Nobody can own a team/run a team’s front office while playing in the NBA.
We all learned that when Michael Jordan came back for the Wizards.
Jordan sold his ownership stake in the Wizards and resigned as president of basketball operations in 2001. He played two years for a minimum salary, filling the stands and drawing national attention to Washington.
Everyone – including Jordan – figured he’d return to an executive role after his third retirement.
But then-Wizards owner Abe Pollin opted not to re-hire Jordan. Pollin’s widow, Irene Pollin, who controlled the team briefly after his death, recounts the saga in her new book.
Irene, via Dan Steinberg of The Washington Post:
After many carefully thought-out meetings with senior staff and lawyers, Abe agreed to meet with Michael in his office. Knowing this would be a difficult meeting, his advisers suggested he tell Michael that he had “decided to go in a different direction.” They felt, after reviewing his performance, they had no choice. It was not personal. They all liked and admired Michael; it was purely business.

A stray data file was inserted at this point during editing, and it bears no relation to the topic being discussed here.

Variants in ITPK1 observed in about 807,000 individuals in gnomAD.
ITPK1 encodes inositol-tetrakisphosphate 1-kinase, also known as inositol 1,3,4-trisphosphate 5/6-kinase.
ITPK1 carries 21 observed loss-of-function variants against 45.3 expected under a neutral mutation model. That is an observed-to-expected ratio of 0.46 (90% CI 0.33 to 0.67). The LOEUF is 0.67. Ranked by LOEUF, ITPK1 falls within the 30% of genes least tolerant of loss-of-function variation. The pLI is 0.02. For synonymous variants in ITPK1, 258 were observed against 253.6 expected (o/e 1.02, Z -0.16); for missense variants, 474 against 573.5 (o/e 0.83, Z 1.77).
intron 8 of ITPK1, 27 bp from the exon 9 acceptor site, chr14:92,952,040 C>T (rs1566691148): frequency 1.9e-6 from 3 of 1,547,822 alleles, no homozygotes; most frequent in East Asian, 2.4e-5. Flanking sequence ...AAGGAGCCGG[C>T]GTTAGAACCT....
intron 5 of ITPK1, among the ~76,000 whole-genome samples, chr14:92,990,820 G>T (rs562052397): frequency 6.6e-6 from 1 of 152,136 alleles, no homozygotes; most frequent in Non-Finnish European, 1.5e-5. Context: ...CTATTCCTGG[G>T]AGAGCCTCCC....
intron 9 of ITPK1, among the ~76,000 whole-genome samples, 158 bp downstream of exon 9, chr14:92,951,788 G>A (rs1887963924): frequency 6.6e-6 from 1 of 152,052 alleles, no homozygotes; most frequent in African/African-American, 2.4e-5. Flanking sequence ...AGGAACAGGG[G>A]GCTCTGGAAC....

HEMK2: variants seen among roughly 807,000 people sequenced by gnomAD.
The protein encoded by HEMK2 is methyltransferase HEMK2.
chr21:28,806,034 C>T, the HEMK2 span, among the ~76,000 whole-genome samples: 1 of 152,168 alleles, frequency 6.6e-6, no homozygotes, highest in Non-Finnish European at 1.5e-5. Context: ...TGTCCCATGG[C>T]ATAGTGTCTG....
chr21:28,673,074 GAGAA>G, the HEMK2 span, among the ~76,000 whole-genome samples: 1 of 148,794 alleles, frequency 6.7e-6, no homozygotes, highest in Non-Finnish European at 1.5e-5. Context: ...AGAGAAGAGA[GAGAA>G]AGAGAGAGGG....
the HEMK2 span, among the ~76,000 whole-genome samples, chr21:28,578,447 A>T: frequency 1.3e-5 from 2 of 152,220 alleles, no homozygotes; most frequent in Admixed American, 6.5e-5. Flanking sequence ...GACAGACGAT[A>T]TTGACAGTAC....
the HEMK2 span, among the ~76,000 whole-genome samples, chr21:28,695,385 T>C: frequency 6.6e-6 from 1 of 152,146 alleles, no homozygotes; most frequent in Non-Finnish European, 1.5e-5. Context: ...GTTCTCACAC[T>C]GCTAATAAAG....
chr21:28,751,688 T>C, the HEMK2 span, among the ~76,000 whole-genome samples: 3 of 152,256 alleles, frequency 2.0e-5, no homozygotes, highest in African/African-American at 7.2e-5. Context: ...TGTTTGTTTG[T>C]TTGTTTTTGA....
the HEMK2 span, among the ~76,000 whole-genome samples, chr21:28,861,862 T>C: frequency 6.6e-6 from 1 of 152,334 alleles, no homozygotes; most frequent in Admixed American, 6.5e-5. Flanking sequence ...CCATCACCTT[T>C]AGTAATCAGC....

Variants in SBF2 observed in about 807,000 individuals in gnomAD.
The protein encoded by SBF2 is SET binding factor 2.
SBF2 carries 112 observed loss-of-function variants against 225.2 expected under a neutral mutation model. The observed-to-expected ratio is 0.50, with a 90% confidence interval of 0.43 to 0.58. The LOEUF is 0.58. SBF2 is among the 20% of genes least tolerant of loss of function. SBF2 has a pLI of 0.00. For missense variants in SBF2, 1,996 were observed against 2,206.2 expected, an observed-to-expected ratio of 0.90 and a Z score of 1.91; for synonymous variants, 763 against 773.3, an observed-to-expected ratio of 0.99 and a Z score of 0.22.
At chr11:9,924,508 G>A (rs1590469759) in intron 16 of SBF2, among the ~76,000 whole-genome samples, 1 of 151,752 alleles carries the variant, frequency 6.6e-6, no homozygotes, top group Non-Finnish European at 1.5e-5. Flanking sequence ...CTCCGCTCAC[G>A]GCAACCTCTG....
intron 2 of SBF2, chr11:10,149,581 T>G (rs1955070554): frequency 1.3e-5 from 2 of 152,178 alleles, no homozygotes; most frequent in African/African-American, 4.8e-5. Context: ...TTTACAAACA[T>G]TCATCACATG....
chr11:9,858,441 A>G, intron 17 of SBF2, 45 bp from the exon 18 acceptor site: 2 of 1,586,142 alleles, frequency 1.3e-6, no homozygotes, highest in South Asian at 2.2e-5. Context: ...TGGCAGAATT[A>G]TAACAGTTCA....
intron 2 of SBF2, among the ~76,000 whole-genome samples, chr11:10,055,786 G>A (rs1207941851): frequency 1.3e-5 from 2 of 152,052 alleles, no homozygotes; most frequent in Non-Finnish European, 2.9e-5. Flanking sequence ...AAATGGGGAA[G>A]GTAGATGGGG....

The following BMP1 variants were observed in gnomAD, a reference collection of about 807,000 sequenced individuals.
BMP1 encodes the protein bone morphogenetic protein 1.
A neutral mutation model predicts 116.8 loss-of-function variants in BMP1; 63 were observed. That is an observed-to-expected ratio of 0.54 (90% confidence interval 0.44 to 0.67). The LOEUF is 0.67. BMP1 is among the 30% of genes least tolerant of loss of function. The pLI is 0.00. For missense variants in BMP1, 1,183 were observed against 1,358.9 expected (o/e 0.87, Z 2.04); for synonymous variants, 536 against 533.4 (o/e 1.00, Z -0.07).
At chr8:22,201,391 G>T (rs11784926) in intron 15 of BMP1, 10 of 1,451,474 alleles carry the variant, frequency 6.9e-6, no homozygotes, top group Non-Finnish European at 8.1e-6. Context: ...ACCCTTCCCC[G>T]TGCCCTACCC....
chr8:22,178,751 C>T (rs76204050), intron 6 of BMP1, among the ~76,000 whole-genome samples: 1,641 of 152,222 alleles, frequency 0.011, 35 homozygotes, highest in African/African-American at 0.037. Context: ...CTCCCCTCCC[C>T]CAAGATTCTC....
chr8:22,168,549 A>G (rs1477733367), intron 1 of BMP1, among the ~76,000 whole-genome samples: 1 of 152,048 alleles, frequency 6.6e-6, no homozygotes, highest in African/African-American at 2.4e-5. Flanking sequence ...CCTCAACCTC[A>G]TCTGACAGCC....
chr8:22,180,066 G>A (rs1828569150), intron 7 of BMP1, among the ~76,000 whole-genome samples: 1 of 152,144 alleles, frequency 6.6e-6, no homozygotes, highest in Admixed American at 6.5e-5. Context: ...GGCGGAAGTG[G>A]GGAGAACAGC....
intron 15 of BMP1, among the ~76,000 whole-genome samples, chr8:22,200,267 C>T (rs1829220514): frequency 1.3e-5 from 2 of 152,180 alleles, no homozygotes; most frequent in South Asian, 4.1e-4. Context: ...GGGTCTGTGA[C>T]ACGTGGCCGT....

This was not what Michael expected. He was shocked. What followed was a heated discussion of what had and had not been promised. But after Abe repeated his decision “to go in a different direction,” Michael lost it. He became very angry and began shouting. At that point, Abe walked out of the room as Michael called him several unflattering names. Michael stormed out of the room, went down to the parking garage, jumped into his Mercedes convertible with Illinois license plates, took the top down, and drove directly back to Chicago.
Abe came home extremely shaken. In fact, I had never seen him so upset over team business. He never expected such a reaction. He’d always been a good negotiator. People always responded to him positively in those situations because he was “cool” and fair. This had never happened to him. It probably was a first for Michael as well. Nobody had probably said no to him in a long time.
During the following week, while we were taking a few days in Rehoboth, Abe was still visibly upset.
Exaggerated? Maybe. Irene probably wasn’t positioned to know whether Jordan actually drove directly from Abe’s office to Chicago.
But she saw how the meeting affected Abe, and that came from somewhere. Jordan is notoriously competitive and a tremendous winner. It’s completely believable that he’d lash out after not getting his way.
Also for fair reason.
Jordan took a far-below-market deal to help the Wizards. They used him and then told him to kick rocks. His indignation is justifiable, and he has never hidden his disdain for Abe’s handling of the situation.
Now, we have a better idea just how intense Jordan’s anger ran.